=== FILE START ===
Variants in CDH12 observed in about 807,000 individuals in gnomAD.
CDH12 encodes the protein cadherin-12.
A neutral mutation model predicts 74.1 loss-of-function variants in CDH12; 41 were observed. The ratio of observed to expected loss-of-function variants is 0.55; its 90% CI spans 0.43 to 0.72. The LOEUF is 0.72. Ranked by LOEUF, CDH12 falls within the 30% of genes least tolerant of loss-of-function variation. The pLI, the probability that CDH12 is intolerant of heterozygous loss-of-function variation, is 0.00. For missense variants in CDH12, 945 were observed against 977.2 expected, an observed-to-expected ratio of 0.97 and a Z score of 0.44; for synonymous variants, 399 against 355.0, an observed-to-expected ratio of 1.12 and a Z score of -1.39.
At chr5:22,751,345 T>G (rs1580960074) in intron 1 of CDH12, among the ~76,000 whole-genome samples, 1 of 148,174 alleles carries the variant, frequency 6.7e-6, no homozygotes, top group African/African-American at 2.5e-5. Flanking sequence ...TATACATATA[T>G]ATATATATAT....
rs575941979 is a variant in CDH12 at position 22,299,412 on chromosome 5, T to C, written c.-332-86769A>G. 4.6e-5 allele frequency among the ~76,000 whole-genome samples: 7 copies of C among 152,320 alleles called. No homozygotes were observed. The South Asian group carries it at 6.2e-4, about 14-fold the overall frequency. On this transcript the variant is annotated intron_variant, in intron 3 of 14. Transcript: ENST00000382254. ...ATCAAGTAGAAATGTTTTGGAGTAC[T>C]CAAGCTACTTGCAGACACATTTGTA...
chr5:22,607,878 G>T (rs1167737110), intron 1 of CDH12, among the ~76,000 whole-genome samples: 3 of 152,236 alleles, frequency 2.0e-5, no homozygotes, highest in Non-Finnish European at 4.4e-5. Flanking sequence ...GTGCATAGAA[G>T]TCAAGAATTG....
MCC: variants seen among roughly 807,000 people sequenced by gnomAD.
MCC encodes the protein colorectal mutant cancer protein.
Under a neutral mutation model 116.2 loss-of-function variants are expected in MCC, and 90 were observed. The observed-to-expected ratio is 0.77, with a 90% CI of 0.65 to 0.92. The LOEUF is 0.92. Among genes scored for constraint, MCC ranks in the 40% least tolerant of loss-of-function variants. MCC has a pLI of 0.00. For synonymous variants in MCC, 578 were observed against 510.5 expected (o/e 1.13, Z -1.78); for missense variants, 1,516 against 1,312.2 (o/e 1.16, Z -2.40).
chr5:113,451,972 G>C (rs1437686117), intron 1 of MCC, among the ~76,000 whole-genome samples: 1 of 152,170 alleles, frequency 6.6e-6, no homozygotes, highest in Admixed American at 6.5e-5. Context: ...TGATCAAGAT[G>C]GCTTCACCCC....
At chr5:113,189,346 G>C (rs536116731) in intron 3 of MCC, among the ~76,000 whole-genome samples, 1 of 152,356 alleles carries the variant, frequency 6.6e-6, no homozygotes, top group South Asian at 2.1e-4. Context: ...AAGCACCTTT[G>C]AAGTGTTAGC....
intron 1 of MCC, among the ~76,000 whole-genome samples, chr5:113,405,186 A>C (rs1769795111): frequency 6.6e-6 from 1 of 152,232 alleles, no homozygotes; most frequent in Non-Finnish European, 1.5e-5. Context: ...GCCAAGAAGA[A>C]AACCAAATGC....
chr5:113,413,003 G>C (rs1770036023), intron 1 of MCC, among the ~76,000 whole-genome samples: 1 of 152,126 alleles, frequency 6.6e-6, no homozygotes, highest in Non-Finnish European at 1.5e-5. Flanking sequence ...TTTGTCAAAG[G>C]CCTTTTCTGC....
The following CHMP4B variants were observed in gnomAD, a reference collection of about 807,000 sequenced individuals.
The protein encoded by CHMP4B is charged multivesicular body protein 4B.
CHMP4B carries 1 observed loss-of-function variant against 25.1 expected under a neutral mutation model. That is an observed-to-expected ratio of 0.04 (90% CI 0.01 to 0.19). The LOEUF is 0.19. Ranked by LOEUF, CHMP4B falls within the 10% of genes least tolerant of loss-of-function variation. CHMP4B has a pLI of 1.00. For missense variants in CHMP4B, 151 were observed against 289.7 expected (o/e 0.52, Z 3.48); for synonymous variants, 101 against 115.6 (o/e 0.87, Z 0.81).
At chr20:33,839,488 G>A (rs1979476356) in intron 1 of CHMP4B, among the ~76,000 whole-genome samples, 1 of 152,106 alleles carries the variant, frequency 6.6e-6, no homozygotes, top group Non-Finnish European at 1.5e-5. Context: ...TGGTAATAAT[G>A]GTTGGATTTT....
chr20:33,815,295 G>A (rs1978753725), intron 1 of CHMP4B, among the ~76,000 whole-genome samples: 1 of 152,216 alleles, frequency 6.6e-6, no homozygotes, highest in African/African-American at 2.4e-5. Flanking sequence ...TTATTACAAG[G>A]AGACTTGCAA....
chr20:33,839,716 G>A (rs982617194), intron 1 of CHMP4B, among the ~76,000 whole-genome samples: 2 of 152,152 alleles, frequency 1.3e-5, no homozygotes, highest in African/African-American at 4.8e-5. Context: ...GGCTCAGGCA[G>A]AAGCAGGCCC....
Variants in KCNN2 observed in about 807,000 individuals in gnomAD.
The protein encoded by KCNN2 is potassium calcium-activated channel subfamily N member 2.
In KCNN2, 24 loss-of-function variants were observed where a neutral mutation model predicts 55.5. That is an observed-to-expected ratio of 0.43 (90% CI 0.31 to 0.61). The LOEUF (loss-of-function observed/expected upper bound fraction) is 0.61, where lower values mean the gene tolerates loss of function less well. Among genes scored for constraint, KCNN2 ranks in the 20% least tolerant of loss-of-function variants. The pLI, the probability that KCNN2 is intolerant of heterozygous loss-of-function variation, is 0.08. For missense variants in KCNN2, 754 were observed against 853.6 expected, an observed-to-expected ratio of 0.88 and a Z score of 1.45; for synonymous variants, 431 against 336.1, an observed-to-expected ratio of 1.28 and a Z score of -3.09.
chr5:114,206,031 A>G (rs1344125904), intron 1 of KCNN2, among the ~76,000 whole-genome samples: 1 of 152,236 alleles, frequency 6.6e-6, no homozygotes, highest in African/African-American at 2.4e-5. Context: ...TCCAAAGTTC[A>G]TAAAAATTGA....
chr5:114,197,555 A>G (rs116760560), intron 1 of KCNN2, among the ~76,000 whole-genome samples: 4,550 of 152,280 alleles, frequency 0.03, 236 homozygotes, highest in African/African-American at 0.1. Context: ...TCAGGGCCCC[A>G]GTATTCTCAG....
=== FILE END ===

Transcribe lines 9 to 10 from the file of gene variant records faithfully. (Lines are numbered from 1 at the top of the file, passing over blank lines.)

Under a neutral mutation model 116.2 loss-of-function variants are expected in MCC, and 90 were observed. The observed-to-expected ratio is 0.77, with a 90% CI of 0.65 to 0.92. The LOEUF is 0.92. Among genes scored for constraint, MCC ranks in the 40% least tolerant of loss-of-function variants. MCC has a pLI of 0.00. For synonymous variants in MCC, 578 were observed against 510.5 expected (o/e 1.13, Z -1.78); for missense variants, 1,516 against 1,312.2 (o/e 1.16, Z -2.40).
chr5:113,451,972 G>C (rs1437686117), intron 1 of MCC, among the ~76,000 whole-genome samples: 1 of 152,170 alleles, frequency 6.6e-6, no homozygotes, highest in Admixed American at 6.5e-5. Context: ...TGATCAAGAT[G>C]GCTTCACCCC....